It’s a common ask from any Business/Company to hire and develop more effective managers and leaders who have the right capability to move their organization forward during both good and challenging times. But currently Workplace & Workforce both are going through a transformation and it requires looking beyond traditional management strategies and the skills. And one of those skills, perhaps unexpectedly, is empathy – a vital leadership competency.
Empathetic leadership means having the ability to understand the needs of others, and being aware of their feelings and thoughts. Unfortunately, it has long been a soft skill that’s overlooked as a performance indicator.
But at the same time, Employees also should consider this Leadership competency as a support ecosystem and avoid taking any undue advantage.
It’s important to remember the difference between sympathy and empathy, as the 2 are often confused. Empathy in the workplace is often more productive and Sympathy is typically defined by feelings of pity for another person, without really understanding their situation.
In a survey of global staffing firm Robert Half, 34% of US workers said they feel more burned out at work than they did a year ago.
During times of pandemic, your team is full of fears and going through a tough time. A boss does not care about the feelings of an individual, the only thing he or she cares, is the output. On the other hand, an empathetic leader understands that not all days will be productive days, your team is going to make mistakes, you need to stand with your team to help them improve every day.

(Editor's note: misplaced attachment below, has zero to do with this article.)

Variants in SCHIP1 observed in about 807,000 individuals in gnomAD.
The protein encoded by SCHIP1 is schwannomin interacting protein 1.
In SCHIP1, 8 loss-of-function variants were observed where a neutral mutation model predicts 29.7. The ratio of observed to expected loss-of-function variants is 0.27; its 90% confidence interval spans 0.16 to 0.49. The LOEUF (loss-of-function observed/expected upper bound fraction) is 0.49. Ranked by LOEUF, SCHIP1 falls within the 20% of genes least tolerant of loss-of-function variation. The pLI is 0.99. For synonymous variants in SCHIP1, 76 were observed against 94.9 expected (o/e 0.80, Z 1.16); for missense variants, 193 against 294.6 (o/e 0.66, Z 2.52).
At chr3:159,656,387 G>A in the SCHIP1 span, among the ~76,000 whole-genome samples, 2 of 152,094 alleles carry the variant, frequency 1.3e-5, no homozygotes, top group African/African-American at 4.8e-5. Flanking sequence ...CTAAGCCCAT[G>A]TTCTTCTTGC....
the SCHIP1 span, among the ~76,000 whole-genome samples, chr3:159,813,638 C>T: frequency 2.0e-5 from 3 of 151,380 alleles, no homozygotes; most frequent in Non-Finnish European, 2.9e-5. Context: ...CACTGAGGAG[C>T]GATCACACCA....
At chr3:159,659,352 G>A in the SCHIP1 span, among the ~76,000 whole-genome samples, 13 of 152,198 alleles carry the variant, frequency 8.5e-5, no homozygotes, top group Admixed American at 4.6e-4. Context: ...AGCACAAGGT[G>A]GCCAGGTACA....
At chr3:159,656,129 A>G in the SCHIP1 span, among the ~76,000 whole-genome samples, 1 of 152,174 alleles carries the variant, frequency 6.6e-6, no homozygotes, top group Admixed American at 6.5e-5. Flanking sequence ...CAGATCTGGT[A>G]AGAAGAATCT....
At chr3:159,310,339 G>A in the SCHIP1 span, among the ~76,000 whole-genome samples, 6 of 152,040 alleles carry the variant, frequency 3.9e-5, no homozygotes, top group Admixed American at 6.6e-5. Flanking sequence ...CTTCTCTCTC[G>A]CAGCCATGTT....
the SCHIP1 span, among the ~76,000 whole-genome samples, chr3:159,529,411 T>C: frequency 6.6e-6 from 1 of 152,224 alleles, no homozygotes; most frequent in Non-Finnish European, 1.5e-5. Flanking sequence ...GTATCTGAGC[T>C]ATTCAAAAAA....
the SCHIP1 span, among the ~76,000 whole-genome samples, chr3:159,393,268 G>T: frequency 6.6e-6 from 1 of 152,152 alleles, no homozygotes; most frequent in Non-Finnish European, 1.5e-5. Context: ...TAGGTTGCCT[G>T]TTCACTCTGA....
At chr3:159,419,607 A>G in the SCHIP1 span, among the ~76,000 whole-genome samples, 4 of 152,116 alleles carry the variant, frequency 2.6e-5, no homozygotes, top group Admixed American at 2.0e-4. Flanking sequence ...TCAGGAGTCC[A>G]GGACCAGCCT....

Ways Leaders Can Show Empathy in the Workplace.
1. Create a Culture to value Empathy –
It’s an old saying that, “A team is as good as the leader.” If you want your team to start sharing their feelings with you, it is you who needs to take the initiative. Show your low points, you also feel anxious at times, feel low in confidence.
It is not easy for people to share their feelings with everyone, but in a comfortable environment, they can easily do it. When your team members genuinely feel that they are not going to be judged, people are there to listen and you genuinely care.
2. Take a sincere interest in the needs, hopes, and dreams of other people.
Part of leading with empathy involves working to understand the unique needs and goals of each team member and how to best match work assignments to contribute to both performance and employee satisfaction. Team members who see that their manager recognizes them in this way are more engaged and willing to go the extra mile.
3. Encourage people to share –
Everyone is bottle up with emotions. All of us are on an emotional ride due to the pandemic. But we have a habit of sharing our emotions only with our close ones. You need to encourage people to open up, share the feelings they are going through.
Ask them, “why they were not efficient yesterday?”, “What kept them awake last time?” , “How they are dealing with negativity?” All of these questions will help them to open up, and give them a sense of feeling that you genuinely care. A Salesforce report " The Impact of Equality and Values-Driven Business" exposed that the employee produces 4.6 times better results at work when leaders pay attention to them.
4. Become accessible to seek emotions – People are not going to come to you and start hearing their deep feelings out of blue. You need to find out people going through emotional trauma, by observing their day-to-day behavior and talking with them. When you listen to understand instead of replying, you can sense if something is wrong with someone.
Everyone is through a rough time during this pandemic. The employees are going through mental pressure, emotional rides, work-life imbalance
and, many things. As a leader, you need to develop a high EQ to work efficiently with your team. It is high time when your team needs your empathetic leadership